Images courtesy of Parks Canada
For more information on these and other Canadian National Parks, please visit www.pc.gc.ca
Banff National Park
The oldest and perhaps most famous of Canada’s National Parks is Banff, a 6,641 square kilometer area comprising dense coniferous forests, mountainous terrain, glaciers and ice fields. Established in 1885 in the heart of Alberta’s Rocky Mountains, the park is just a few hours drive from Calgary, and the mountains dominate the western horizon as you drive or fly through the Calgary area.
RV travelers enjoy a spectacular scenic route along the Icefields Parkway that connects Lake Louise to Jasper National Park.
Banff was one of the keys to the creation of the National Parks system, with early visitors travelling on the Canadian Pacific Railway to stay at the famous Banff Springs Hotel and Lake Louise Chalet. The roadways were developed in the 1920s, and developed continually during the 20th Century. Today, the Trans Canada Highway provides access to some of the nation’s most spectacular scenic destinations – many millions of travelers explore the area each year.
Tourism brings an ecological challenge to this region, and Parks Canada has special policies to preserve the ecosystem.
Banff has two campgrounds that are open year-round (Tunnel Mountain Village II and Lake Louise Trailer) the reservation service starts taking reservation during the first week of January for the upcoming summer.
Spirit Island Jasper National Park
Jasper is the largest national park in the Canadian Rockies, with an area of 10,878 square kilometers. Located in Alberta, it lies north of Banff and west of Edmonton.
The park was established in 1907 as Jasper Forest Reserve, and was designated as a National Park in 1930. Today, Jasper welcomes more than 2 million visitors each year.
The camping areas – Whistlers, Wabasso, Wapiti and Pocahontas are usually quite popular and tend to book fast – as soon as they start accepting reservations, in January, so don’t put off making your plans for the Summer of 2018!
Jasper’s Red Chairs:
Visitors to Jasper can participate in an exciting program titled “Jasper National Park Red Chairs.”
Parks Canada has placed seven sets of red Adirondack chairs in quiet and scenic locations throughout Jasper National Park for visitors to enjoy the spectacular mountain and lakeside vistas. Each location shares a great story about the landscape and history.
There are two ways to find the Red Chairs:
1. Print a map – from the website at https://www.pc.gc.ca/en/pn-np/ab/jasper/activ/activ-experience/chaises-chairs/CRcarte-RCmap and try to find the chairs in these seven locations:
- Lake Edith Day Use Area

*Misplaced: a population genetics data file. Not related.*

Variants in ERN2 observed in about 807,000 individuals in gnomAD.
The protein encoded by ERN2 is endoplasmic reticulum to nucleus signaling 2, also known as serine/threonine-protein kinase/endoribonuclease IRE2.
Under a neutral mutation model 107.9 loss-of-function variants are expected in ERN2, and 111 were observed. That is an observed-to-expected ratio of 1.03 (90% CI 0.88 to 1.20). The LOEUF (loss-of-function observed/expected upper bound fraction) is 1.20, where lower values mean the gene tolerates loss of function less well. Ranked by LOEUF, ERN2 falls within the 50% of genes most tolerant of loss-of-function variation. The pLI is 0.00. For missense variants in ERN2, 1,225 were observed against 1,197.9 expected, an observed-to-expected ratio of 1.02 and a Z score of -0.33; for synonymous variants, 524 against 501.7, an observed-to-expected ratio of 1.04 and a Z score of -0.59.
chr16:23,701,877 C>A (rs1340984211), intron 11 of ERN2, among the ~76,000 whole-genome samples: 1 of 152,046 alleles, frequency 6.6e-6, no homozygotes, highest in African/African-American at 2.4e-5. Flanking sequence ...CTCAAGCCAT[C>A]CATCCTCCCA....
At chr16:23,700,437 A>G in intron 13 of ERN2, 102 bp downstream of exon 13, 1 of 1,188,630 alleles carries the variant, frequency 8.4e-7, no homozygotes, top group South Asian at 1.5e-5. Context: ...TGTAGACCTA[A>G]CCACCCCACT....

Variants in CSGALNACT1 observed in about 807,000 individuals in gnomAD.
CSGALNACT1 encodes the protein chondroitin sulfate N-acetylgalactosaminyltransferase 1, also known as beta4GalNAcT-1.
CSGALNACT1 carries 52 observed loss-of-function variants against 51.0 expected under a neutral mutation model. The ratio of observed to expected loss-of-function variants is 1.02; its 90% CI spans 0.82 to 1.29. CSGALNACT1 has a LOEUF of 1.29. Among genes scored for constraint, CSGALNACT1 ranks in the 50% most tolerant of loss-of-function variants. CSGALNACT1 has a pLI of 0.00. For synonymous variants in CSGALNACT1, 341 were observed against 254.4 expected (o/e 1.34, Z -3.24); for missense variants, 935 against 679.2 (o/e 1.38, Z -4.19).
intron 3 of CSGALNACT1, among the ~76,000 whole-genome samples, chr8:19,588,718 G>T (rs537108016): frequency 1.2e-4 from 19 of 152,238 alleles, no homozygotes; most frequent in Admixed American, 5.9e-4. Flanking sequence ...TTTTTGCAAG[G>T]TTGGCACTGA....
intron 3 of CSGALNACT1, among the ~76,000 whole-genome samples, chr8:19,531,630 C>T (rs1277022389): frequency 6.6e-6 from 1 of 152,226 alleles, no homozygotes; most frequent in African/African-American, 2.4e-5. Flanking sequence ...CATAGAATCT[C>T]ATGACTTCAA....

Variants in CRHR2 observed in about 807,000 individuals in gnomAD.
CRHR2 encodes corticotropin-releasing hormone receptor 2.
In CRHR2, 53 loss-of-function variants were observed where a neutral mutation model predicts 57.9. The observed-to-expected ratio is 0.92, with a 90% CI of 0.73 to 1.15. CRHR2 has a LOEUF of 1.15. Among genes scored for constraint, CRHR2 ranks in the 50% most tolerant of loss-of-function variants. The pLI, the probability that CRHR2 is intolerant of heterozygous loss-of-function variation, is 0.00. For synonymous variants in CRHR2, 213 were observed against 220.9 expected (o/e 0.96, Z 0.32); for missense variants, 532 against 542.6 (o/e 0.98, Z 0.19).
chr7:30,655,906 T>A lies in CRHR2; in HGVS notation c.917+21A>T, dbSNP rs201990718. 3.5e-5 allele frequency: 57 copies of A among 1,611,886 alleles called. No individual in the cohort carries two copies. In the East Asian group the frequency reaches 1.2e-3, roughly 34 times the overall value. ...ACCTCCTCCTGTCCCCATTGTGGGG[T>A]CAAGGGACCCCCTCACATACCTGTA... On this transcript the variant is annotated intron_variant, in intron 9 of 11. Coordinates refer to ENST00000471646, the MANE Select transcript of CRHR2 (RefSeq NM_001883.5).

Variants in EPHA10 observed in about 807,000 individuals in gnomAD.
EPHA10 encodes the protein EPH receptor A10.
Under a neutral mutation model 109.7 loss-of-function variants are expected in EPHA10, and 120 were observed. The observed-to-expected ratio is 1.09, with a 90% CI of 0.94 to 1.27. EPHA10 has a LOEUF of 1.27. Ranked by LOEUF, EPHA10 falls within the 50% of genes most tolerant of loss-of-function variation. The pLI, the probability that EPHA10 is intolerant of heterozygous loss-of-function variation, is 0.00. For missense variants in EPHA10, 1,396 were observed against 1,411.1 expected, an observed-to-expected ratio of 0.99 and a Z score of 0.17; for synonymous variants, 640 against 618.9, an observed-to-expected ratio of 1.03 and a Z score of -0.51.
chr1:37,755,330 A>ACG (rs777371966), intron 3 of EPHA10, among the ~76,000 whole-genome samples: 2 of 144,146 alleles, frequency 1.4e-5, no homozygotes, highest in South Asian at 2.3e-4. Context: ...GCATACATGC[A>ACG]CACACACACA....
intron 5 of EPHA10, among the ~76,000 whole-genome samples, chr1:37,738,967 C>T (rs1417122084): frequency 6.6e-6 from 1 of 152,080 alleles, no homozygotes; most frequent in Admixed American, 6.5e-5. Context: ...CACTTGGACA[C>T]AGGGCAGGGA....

- Pyramid Overlook Trail (2b)
- Lower Maligne Day Use Area
- Old Fort Point Trail on the “second summit”
- Whistlers Summit Trail
- Wilcox Pass Trail
- Valley of the Five Lakes between Third and Fourth Lakes.
Follow some of the direction pointers when you are out on the trail to help you find the chairs.
2. If you have a GPS you can follow the route to the following UTM Coordinates:
- Lake Edith Day Use Area UTM: 11U E 429628.4; N 5862555.1
- Pyramid Overlook Trail (Trail 2b) UTM: 11U E 426442.2; N 5864364.2
- Lower Maligne River Day Use area UTM: 11U E 440631.4; N 5860893.1
- Old Fort Point Trail UTM: 11U E 429638.9; N 5858135.6
- Whistlers Summit Trail UTM: 11U E 424036.047; N 5853584.000
- Wilcox Pass Trail UTM: 11U E 486433; N 5785835.2
- Valley of the Five UTM: 11U E 432213.1; N 5852319.7
UNESCO World Heritage Site
In 1984, Jasper National Park was declared a UNESCO World Heritage Site, along with the other National and Provincial Parks in the Canadian Rocky Mountain Parks System.
Glacier National Park
Canada’s Glacier National Park is located near Revelstoke B.C., and covers 1,349 square kilometres of the Selkirk Mountains and a part of the Columbia Mountains. Notable for the Rogers Pass route that was discovered by Major Albert Bowman Rogers in 1881 – a key factor for B.C. to join Confederation. The construction of the Canadian Pacific Railway through the pass was essential to the development of the area, and the Trans Canada Highway further expanded the access to the area. Glacier National Park features alpine peaks, glaciers, and an extensive cave system.
Glacier National Park has a very well maintained hiking trail system and three small, non-reservable campgrounds, and it is the preferred destination for millions of visitors each year. Travel through the park is a bit of an adventure, especially in winter, when heavy snows trigger avalanches in the steep valleys.
Glacier National Park supports an extensive array of wildlife, including more than fifty species of mammals, including bears, wolverine, cougar, and other predators, as well as caribou, elk, white-tailed deer, and mountain goats. The park is a destination for more than 200 species of migratory birds, and home to more than 30 species, including owls, woodpeckers, golden eagles, and more.
For more information on these and other Canadian National Parks please visit www.pc.gc.ca